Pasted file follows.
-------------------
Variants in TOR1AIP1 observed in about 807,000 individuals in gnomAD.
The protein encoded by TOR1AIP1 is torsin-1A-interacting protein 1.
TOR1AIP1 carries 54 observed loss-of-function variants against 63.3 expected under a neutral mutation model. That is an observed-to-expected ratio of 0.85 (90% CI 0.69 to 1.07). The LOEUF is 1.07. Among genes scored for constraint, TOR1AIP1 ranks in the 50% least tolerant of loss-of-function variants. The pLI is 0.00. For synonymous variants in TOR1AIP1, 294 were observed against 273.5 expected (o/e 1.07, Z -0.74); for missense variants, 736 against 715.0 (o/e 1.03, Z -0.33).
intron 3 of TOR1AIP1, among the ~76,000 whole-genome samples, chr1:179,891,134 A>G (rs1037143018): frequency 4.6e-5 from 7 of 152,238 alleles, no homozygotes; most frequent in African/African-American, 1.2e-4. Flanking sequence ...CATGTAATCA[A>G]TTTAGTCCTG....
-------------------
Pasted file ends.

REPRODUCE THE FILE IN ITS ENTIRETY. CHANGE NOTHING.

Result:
Variants in TOR1AIP1 observed in about 807,000 individuals in gnomAD.
The protein encoded by TOR1AIP1 is torsin-1A-interacting protein 1.
TOR1AIP1 carries 54 observed loss-of-function variants against 63.3 expected under a neutral mutation model. That is an observed-to-expected ratio of 0.85 (90% CI 0.69 to 1.07). The LOEUF is 1.07. Among genes scored for constraint, TOR1AIP1 ranks in the 50% least tolerant of loss-of-function variants. The pLI is 0.00. For synonymous variants in TOR1AIP1, 294 were observed against 273.5 expected (o/e 1.07, Z -0.74); for missense variants, 736 against 715.0 (o/e 1.03, Z -0.33).
intron 3 of TOR1AIP1, among the ~76,000 whole-genome samples, chr1:179,891,134 A>G (rs1037143018): frequency 4.6e-5 from 7 of 152,238 alleles, no homozygotes; most frequent in African/African-American, 1.2e-4. Flanking sequence ...CATGTAATCA[A>G]TTTAGTCCTG....